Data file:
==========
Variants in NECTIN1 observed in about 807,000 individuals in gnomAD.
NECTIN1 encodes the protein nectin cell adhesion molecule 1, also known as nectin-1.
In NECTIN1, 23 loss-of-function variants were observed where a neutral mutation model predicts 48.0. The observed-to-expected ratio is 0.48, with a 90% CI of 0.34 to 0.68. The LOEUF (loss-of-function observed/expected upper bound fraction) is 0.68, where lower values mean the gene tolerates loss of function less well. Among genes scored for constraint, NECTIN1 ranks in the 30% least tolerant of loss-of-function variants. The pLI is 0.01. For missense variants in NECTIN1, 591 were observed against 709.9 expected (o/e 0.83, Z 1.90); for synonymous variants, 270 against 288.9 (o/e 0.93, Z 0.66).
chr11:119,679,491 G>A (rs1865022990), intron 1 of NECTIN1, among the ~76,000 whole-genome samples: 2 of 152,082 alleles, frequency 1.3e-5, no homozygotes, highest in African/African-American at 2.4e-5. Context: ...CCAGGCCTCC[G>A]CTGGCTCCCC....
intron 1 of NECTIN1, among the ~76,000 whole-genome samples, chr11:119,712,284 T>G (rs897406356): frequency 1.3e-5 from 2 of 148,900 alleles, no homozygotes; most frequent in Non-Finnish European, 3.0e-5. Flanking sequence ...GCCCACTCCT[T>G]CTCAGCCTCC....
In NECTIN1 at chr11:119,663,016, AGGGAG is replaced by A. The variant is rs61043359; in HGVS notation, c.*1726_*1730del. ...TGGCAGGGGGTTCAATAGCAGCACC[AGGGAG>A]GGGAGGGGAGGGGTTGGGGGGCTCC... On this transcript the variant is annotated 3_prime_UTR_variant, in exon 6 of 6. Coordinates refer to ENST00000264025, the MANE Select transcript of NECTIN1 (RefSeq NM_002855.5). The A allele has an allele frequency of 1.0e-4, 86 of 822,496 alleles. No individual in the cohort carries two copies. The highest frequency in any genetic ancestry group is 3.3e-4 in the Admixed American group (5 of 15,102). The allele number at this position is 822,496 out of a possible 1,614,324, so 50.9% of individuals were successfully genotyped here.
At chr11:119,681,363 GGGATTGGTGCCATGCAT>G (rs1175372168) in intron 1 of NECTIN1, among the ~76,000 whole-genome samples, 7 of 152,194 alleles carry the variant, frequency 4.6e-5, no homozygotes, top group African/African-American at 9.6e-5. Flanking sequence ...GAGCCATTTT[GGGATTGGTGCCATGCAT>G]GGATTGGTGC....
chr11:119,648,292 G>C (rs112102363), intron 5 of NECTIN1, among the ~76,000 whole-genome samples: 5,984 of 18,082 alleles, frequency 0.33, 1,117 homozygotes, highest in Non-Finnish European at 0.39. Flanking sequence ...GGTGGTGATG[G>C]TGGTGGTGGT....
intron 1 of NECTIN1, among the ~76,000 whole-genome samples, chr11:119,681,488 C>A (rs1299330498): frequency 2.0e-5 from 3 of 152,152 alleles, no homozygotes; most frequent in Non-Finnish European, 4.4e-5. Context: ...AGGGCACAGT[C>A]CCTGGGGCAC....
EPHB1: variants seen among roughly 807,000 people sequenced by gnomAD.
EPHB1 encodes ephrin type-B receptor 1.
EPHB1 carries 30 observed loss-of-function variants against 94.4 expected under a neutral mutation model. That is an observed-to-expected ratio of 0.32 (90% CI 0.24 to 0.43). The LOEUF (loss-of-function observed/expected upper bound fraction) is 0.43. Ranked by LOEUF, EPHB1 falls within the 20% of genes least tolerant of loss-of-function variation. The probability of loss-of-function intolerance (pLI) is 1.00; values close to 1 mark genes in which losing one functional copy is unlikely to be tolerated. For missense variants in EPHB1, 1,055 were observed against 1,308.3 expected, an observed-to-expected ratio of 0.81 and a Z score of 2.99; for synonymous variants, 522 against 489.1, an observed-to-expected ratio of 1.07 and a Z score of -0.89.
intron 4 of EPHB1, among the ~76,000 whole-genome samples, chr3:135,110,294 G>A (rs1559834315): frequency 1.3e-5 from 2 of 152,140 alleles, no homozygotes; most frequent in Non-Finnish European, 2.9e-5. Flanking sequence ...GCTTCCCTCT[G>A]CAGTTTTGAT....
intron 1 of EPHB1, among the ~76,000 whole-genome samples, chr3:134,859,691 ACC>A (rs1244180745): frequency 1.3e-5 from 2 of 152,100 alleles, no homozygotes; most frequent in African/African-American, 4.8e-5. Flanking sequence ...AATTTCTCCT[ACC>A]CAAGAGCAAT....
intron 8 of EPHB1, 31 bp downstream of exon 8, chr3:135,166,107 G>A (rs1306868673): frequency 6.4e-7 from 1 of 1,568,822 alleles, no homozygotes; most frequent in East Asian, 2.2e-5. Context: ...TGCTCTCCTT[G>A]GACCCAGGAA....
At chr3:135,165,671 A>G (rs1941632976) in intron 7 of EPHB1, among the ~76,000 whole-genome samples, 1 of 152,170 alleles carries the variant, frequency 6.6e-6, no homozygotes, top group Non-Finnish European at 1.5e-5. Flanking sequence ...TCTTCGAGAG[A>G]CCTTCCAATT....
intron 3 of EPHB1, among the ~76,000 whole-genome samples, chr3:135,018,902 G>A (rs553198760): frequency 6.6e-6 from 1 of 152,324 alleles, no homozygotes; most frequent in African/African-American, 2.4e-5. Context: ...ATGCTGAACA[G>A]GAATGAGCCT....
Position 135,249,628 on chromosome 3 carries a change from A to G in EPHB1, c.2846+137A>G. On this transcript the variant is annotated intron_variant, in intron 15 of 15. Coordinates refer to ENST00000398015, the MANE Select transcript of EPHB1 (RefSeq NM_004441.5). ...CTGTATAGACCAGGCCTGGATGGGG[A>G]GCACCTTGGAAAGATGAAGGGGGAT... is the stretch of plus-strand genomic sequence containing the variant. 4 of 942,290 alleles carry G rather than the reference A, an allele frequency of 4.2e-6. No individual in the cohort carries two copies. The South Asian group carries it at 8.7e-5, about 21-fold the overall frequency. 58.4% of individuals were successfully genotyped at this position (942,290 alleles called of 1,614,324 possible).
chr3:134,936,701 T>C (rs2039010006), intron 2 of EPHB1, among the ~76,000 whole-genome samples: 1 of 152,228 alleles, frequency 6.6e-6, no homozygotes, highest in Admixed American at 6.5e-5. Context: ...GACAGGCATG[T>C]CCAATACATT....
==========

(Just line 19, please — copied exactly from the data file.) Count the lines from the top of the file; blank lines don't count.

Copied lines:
chr3:134,936,701 T>C (rs2039010006), intron 2 of EPHB1, among the ~76,000 whole-genome samples: 1 of 152,228 alleles, frequency 6.6e-6, no homozygotes, highest in Admixed American at 6.5e-5. Context: ...GACAGGCATG[T>C]CCAATACATT....